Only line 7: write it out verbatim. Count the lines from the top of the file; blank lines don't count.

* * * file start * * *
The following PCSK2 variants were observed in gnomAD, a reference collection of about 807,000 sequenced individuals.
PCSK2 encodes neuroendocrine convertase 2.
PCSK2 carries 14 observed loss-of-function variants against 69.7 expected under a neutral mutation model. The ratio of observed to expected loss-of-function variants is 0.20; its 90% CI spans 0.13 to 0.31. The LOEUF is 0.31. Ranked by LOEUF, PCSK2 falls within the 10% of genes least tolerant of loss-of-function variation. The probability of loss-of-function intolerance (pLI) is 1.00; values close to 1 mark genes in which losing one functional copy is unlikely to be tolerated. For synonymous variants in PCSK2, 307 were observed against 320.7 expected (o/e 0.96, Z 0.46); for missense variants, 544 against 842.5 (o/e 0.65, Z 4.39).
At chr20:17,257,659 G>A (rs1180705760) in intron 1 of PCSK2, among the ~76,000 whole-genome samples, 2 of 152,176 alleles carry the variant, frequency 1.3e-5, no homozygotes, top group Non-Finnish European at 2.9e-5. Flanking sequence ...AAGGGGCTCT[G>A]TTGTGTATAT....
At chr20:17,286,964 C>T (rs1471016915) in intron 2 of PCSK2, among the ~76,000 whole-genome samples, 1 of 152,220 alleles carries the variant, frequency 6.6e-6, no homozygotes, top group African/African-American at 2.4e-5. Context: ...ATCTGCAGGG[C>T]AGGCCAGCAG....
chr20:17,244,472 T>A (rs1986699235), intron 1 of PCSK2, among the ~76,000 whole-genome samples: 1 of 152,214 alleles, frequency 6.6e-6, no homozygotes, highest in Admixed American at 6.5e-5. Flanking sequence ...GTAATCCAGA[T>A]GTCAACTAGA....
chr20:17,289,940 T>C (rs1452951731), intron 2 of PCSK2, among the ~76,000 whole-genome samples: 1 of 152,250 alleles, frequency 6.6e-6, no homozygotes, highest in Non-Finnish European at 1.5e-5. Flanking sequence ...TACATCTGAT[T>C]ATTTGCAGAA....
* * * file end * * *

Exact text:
chr20:17,289,940 T>C (rs1452951731), intron 2 of PCSK2, among the ~76,000 whole-genome samples: 1 of 152,250 alleles, frequency 6.6e-6, no homozygotes, highest in Non-Finnish European at 1.5e-5. Flanking sequence ...TACATCTGAT[T>C]ATTTGCAGAA....